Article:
Whatever views we may entertain as to wise public policy on these matters, it seems clear that they are issues to be resolved by the legislature of Utah, and not by federal courts. We find no impediment in the equal protection clause, or any other provision of the federal Constitution, curtailing Utah's discretion to prescribe such measure of damages as it sees fit under each set of circumstances under consideration.

Accordingly the judgment of the District Court is



The Honorable Edward Dumbauld, Senior District Judge of the Western District of Pennsylvania, sitting by designation


That section, in pertinent part, gives District Courts "exclusive jurisdiction of civil actions on claims against the United States, for money damages.... for injury or loss of property, or personal injury or death caused by the negligent or wrongful act or omission of any employee of the Government while acting within the scope of his office or employment, under circumstances where the United States, if a private person, would be liable to the claimant in accordance with the law of the place where the act or omission occurred."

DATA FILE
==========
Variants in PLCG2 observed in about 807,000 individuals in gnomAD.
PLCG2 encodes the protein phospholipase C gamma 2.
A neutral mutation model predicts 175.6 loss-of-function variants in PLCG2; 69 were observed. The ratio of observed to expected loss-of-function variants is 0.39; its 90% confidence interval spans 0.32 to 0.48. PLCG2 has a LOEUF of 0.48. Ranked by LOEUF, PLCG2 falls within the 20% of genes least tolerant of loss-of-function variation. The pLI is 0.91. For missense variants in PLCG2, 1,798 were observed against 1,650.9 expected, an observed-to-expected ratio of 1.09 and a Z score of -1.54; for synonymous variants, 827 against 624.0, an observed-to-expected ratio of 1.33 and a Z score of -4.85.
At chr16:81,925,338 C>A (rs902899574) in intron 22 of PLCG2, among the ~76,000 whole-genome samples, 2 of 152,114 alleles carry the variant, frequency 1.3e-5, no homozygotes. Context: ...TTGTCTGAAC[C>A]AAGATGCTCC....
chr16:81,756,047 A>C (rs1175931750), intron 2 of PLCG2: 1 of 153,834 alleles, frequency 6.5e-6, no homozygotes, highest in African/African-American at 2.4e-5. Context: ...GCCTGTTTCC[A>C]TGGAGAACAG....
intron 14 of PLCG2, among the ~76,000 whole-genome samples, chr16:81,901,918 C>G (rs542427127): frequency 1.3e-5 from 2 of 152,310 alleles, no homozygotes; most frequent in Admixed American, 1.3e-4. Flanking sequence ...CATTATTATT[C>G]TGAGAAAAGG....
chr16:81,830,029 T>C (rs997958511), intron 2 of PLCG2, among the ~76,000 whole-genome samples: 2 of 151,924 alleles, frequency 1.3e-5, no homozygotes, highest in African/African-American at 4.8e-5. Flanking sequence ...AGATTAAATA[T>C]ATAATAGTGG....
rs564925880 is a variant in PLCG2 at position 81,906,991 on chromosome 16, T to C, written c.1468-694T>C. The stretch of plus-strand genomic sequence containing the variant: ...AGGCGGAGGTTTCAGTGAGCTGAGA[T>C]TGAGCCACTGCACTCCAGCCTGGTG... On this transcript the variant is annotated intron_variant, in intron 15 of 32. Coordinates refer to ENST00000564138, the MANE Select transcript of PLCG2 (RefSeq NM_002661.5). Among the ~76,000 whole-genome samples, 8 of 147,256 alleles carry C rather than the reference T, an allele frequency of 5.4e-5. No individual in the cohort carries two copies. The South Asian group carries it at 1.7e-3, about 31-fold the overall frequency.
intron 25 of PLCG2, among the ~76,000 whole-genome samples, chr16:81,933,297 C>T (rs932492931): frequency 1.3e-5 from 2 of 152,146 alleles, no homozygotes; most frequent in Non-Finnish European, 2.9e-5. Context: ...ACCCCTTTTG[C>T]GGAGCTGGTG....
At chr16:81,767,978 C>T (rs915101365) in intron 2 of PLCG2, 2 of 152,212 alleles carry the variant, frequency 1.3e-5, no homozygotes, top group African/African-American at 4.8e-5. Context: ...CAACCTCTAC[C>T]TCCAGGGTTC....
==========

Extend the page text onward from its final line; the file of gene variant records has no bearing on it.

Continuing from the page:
Accordingly, in the case at bar Utah law is applicable.


Record on appeal, p. 16. The exact words of the answer are "Admit, she died of cancer."


At least they seem complex and difficult questions as presented by appellant's learned and complex discussion, with tables and charts. Apparently appellant would construe the second sentence of section 78-11-12 of the Utah Code Annotated (1977 revision) as applicable only to wrongful death actions (involving post-death damages to surviving next of kin) and not to survival actions for pre-death damages suffered during decedent's lifetime, and becoming part of decedent's estate. Appellant's brief, p. 10. Appellant also states that the 1967 amendment forbidding damages for pain and suffering was repealed by the 1977 amendment (Appellant's Brief, p. 14; see 717 F.2d at 510). Appellant cites Kynaston v. U.S., 717 F.2d 506, 511 (10th Cir. 1983), which holds that the 1977 amendment incorporated in section 78-11-12 does not apply retroactively. But appellant admits that the 1977 version does apply to Mrs. Lamb's 1979 injury (Appellant's brief, p. 5)


At common law the rule was actio personalis moritur cum persona. Appellant's brief, p. 10


This does not create an "ambiguity" as appellant contends (Appellant's brief, p. 6) but rather a duplex or double coverage


See note 3, supra


See note 3, supra


See note 2, supra